“Afternath” was one of the four singles pulled from the album, and is figured here in an exceptionally brief 2:17 single mix. The disco urgency of the rhythm section played well juxtaposed against the escalating main riff. The effects of Bowie’s “Low” album on the mind of Ken Lockie was probably no more evident than on this track, with its left-field invention and considerable pop-craft juxtaposed against the spartan economy of the tune’s running time. “Low” showed that brevity is often the soul of wit, and it’s good to hear that someone else had taken this to heart as we closed out the seventies and had begun staking a claim for the eighties. Alas, by 1983, the tide had turned against inventive pop of this stripe.
The odd sound out here was definitely the bold statement of “Wish,” where the refrain of “I wish for nothing” was aided by the modal guitar figure by Keith Levene snaking through the number. Moroder was hinted at with the fast BMP waveforms cutting a jagged figure through the song’s middle eight. The tune’s comparatively enormous 4:29 running time makes it sound like an extended 12″ version sitting among the brief snippets of art pop that constitute this compilation.
The B-side of “Aftermath” was the striking “Future Noise,” with its almost funky, r+b vibe. Lockie added a very Bowiesque sax here, as he was wont to do. That same sax also showed up on the single “Today.” The production here by Lockie himself, was full of startling touches. None moreso than the lush glissandos of harp running through the song like few other discs of its time. Only the single version of Roxy Music’s “Angel Eyes” dared to go there contemporaneously. Lockie nicely met the dignified drama of the arrangement with his yearning vocal, which was right on the money.
Both sides of the “Nothing Doing” b/w “Millions” were added with the B-side ironically sequenced first. “Millions” was the track here most redolent of “Low,” thought the vibe of that album’s first side holds sway over this entire body of work from Cowboys International, though in the best way possible. The lyrical focus here is one time that Lockie was skirting the edge of Bowie’s brief for “Low” as he proffered an abstract examination of how objects can impact emotional states. Like half of the songs here, the influence of not just Bowie but also disco, with emphasis on the song’s rhythm section, can be readily felt.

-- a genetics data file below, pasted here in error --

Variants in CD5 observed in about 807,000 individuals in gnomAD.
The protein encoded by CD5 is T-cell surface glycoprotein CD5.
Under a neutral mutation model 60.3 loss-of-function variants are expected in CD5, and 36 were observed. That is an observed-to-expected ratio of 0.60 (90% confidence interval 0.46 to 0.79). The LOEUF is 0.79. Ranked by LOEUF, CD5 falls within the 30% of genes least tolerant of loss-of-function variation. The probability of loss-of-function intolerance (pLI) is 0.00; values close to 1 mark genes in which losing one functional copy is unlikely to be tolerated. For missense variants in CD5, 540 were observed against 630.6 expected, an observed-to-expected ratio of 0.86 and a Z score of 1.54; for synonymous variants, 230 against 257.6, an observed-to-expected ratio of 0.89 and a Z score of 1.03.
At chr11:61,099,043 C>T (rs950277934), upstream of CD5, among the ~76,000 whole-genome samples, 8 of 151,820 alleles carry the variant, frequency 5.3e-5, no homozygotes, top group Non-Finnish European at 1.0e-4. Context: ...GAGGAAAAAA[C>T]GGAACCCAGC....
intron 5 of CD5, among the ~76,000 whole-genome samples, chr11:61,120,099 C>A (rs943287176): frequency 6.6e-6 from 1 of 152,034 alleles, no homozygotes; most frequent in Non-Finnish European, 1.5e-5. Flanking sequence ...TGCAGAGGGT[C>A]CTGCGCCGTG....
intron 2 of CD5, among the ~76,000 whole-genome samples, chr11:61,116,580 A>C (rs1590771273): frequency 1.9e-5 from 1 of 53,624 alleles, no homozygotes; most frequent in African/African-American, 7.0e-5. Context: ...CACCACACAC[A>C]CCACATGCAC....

“Nothing Doing” also enmeshed that same disco rhythm section with perky technopop for a hybrid that seemed to show more nuance and sophistication than the crude disco/synthpop gene splicing going on in the [far more popular] smash “Funkytown.”
Finally, the pair of “Too Much Too Little” and “Pointed Shoes” ended the program with a nod back to the swinging sixties. The violins vying with the synths in the former, attained a hint of The Left Banke while the wailing harmonica predominating in “Pointed Shoes” gave a Stones-like spin to a song that actually reminded me of XTC’s “Burning With Optimism’s Flames.”
Almost the entire “Original Sin” album has been compiled here, but “The “No” Song” was the odd one out. Almost all of the 7″ A/B sides were also featured here, with the exception of the flexidisc version of “Many Times” included with the “Nothing Doing” 7″ on clear flexi. The alternate version, “Many Times [revised]” does in fact feature here. This disc is al almost complete collection of every Cowboys International track released. It offers a glimpse of a creative songwriter of the time engaging a who’s who of Post-Punk sidemen [Terry Chimes, Keith Levene, Marco Pironi, Paul Simon] to realize a finely etched pop vision that combines art rock with pop nous into a sandwich liberally seasoned with disco.
If anything can be said to resemble it, it brings to mind for me an album that came down the pike a few years later than this one. “Jerky Versions Of The Dream” by Howard Devoto. That album had represented an uncharacteristically lighter touch than Magazine brought to the table in the past. In fact, many “Dream’s” songs were written for a mooted female singer before Devoto took it upon himself to make a solo album of them. With “Revisited,” Leckie offered a body of work that perhaps pointed the way back to the earlier Magazine albums [particularly “The Correct Use of Soap”] albeit couched in a less brooding lyrical presence reflective of the Devoto solo album. Either way, fans of art rock and pop would rarely have the sort of gift that Lockie released going forward. In just a few years, the freewheeling experimental streak that underscored the sometimes Enoesque pop here would be paved over with white soul concrete; sonic brutalism of another kind.
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